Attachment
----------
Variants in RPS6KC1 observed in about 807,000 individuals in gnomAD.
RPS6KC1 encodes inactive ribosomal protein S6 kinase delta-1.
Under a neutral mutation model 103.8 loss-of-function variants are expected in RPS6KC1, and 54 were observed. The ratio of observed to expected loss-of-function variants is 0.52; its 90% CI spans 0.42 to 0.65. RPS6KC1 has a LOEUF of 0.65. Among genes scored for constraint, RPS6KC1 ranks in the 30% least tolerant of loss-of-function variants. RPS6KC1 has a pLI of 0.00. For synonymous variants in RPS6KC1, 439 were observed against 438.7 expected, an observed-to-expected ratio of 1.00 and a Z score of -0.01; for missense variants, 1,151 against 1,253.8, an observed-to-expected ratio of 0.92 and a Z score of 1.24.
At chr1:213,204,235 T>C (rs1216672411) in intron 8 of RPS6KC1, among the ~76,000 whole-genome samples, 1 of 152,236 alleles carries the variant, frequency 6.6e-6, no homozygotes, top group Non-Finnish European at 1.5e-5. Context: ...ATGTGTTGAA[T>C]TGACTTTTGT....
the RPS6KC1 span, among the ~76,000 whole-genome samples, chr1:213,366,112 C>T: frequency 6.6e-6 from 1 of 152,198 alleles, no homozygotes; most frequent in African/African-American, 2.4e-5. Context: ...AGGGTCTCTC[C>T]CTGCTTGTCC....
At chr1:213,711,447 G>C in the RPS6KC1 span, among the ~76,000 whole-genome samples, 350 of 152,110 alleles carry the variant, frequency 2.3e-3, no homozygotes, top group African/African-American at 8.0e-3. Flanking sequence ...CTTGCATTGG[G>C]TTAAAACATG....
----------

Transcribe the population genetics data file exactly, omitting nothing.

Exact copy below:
Variants in RPS6KC1 observed in about 807,000 individuals in gnomAD.
RPS6KC1 encodes inactive ribosomal protein S6 kinase delta-1.
Under a neutral mutation model 103.8 loss-of-function variants are expected in RPS6KC1, and 54 were observed. The ratio of observed to expected loss-of-function variants is 0.52; its 90% CI spans 0.42 to 0.65. RPS6KC1 has a LOEUF of 0.65. Among genes scored for constraint, RPS6KC1 ranks in the 30% least tolerant of loss-of-function variants. RPS6KC1 has a pLI of 0.00. For synonymous variants in RPS6KC1, 439 were observed against 438.7 expected, an observed-to-expected ratio of 1.00 and a Z score of -0.01; for missense variants, 1,151 against 1,253.8, an observed-to-expected ratio of 0.92 and a Z score of 1.24.
At chr1:213,204,235 T>C (rs1216672411) in intron 8 of RPS6KC1, among the ~76,000 whole-genome samples, 1 of 152,236 alleles carries the variant, frequency 6.6e-6, no homozygotes, top group Non-Finnish European at 1.5e-5. Context: ...ATGTGTTGAA[T>C]TGACTTTTGT....
the RPS6KC1 span, among the ~76,000 whole-genome samples, chr1:213,366,112 C>T: frequency 6.6e-6 from 1 of 152,198 alleles, no homozygotes; most frequent in African/African-American, 2.4e-5. Context: ...AGGGTCTCTC[C>T]CTGCTTGTCC....
At chr1:213,711,447 G>C in the RPS6KC1 span, among the ~76,000 whole-genome samples, 350 of 152,110 alleles carry the variant, frequency 2.3e-3, no homozygotes, top group African/African-American at 8.0e-3. Flanking sequence ...CTTGCATTGG[G>C]TTAAAACATG....